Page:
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SAML Authentication with AngularJS and Spring Security

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At Onegini we’re developing a web application with AngularJS in the front end and Spring Boot with Spring Security in the back-end. During the initial development, we were using basic authentication (username & password) for the log-in, but this does not integrate well in a corporate environment. The users have an existing corporate account and expect Single Sign On for all internal applications that is done via SAML.

Spring Boot does not have a module (yet) to handle SAML within Spring Security, but there’s an example project on GitHub that does the job. It contains a Java class for the Spring Security configuration. The configuration needs to be adapted to your own environment and then the basics work. However, there are a few things that are tricky if you combine it with a Single Page App (SPA) like our AngularJS front-end.

CSRF protection

The SAML flow doesn’t work if CSRF protection is enabled in the Spring Security configuration. We have solved this with two implementations of the WebSecurityConfigurerAdapter. The configuration for the "/saml/**" endpoints is without CSRF protection. The other implementation handles the other endpoints of the application and has CSRF protection enabled. You can solve this in Spring Security 4 with the following configuration:

    .addFilterAfter(csrfHeaderFilter, CsrfFilter.class);

Log-in with redirects

Spring has an extensive tutorial about Angular JS and Spring Security, but it assumes that the user can enter their username and password in the SPA which sends the credentials to the server and gets a result. This doesn’t match the SAML flow. An unauthorised user is redirected to the Identity Provider (IdP). The IdP presents a log-in form if the user does not have a valid session and after log-in the IdP redirects them back to the application (Service Provider) with a SAML assertion that contains user information.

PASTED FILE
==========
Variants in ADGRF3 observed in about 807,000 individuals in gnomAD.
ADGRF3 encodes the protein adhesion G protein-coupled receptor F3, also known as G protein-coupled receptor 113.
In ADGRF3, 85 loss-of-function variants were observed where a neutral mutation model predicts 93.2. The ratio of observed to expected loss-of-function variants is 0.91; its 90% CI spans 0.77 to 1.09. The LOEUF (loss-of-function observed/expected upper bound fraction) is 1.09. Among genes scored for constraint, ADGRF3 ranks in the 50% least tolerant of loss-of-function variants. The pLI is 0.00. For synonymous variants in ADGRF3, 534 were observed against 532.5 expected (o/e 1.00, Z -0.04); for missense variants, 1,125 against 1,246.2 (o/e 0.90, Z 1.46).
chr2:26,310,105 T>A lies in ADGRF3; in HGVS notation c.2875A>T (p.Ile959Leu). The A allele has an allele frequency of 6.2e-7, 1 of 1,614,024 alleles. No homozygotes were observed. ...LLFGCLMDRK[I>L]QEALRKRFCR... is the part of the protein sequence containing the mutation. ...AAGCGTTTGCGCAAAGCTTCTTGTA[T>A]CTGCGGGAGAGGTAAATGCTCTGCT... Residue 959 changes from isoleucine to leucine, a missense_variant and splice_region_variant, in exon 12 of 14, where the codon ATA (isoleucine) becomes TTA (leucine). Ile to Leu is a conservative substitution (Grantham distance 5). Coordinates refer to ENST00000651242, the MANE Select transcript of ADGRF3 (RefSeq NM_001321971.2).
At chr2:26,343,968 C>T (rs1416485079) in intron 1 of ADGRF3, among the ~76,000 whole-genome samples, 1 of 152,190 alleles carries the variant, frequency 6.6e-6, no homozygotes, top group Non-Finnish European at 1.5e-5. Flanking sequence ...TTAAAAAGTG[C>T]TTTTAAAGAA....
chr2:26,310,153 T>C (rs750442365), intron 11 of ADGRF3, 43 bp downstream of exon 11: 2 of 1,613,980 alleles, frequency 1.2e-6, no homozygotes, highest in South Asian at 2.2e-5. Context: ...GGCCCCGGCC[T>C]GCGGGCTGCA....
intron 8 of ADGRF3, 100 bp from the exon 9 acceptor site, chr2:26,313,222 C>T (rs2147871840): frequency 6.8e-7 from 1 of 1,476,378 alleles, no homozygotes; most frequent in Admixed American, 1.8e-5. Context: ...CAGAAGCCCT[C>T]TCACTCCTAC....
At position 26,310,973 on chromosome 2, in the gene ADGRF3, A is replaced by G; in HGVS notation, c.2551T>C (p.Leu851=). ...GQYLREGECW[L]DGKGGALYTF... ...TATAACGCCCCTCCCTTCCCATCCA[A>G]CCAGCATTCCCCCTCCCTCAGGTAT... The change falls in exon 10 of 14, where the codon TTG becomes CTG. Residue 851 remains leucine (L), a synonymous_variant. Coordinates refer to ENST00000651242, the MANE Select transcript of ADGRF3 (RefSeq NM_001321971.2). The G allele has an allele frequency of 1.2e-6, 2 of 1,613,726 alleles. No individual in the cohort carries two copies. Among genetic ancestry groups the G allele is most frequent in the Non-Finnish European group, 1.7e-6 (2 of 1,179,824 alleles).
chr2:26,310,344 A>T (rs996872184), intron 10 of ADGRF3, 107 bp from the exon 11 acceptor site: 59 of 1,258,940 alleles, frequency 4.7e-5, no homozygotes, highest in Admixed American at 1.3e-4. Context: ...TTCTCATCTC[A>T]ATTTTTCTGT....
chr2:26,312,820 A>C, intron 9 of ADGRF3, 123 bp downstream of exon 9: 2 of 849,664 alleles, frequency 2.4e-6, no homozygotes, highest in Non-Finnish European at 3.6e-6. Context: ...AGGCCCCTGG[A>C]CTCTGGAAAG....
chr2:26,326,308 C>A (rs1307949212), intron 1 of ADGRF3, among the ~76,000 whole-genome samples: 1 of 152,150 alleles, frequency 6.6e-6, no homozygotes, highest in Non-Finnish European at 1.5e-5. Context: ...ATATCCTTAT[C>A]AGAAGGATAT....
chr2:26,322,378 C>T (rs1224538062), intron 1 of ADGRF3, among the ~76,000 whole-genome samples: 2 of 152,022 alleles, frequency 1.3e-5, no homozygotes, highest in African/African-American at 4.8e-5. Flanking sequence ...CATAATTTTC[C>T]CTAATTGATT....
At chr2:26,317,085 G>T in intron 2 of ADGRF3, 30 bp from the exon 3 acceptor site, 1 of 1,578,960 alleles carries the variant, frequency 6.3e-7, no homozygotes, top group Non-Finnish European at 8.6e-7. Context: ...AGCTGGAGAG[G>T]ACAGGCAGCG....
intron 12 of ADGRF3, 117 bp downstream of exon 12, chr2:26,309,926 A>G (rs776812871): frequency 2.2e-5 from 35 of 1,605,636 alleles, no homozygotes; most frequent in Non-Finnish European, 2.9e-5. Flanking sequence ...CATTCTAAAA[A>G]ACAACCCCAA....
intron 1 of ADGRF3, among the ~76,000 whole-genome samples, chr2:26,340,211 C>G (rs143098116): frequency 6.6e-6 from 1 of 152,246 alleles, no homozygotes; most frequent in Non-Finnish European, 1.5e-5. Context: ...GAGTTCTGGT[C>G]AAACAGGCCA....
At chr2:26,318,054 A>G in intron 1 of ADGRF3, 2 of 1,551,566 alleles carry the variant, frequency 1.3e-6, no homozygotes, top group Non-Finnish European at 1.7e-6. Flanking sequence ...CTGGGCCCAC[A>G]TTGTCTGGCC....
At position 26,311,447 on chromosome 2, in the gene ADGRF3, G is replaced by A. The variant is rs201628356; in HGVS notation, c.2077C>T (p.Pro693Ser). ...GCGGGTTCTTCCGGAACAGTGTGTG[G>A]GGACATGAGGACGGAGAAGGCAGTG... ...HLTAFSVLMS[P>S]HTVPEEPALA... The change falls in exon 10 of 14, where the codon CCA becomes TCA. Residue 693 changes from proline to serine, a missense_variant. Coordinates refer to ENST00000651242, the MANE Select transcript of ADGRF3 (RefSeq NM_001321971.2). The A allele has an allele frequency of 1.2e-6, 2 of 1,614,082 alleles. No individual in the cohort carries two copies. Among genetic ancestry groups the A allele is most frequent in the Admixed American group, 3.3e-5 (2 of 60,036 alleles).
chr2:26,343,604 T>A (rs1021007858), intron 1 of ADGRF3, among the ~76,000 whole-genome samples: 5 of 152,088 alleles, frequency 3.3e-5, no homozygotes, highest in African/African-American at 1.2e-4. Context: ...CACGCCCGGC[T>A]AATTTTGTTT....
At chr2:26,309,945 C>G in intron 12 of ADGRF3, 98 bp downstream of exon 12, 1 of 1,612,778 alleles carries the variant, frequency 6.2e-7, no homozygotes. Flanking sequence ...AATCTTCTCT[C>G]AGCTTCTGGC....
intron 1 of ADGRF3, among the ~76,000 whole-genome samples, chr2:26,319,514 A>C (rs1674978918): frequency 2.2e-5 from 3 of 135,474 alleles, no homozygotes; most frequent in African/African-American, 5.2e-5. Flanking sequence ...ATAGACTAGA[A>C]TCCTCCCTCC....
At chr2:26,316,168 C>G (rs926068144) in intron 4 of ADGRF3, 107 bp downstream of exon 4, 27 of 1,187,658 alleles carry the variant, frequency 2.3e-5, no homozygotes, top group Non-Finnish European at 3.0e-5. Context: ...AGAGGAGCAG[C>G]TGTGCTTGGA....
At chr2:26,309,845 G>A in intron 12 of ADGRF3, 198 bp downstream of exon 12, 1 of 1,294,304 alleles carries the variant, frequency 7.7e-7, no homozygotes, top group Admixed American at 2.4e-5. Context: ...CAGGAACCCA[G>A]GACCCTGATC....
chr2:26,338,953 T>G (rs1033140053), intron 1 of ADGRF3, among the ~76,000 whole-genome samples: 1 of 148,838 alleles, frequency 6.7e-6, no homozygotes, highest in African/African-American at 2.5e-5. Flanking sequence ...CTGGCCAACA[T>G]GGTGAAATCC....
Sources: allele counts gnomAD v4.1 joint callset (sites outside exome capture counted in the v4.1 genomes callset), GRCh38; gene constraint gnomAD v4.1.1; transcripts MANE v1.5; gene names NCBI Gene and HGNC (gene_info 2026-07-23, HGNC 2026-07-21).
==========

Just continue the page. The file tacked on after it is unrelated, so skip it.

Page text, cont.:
Return to the correct URL

The default settings of the ui-router in AngularJS produces URLs like http://localhost/#/products/details/12345. Your Servlet gets a request for / and after a successful SAML authentication you are sent to http://localhost/. The location hash #/products/details/12345 is lost during the authentication. This is no issue if your users should always see the main page of the application, but in our case we wanted to support deep linking.

The solution was to enable the hmtl5mode in the $locationProvider and add a base tag to the HTML. When this feature is enabled, the URLs look like http://localhost/products/details/12345. The ServletRequest will contain the full URL and the user is redirected to the same URL after completing the authentication. This means you have to create a request mapping with Spring MVC to handle /products/details/12345. This mapping can return the same view as the root request mapping of your application.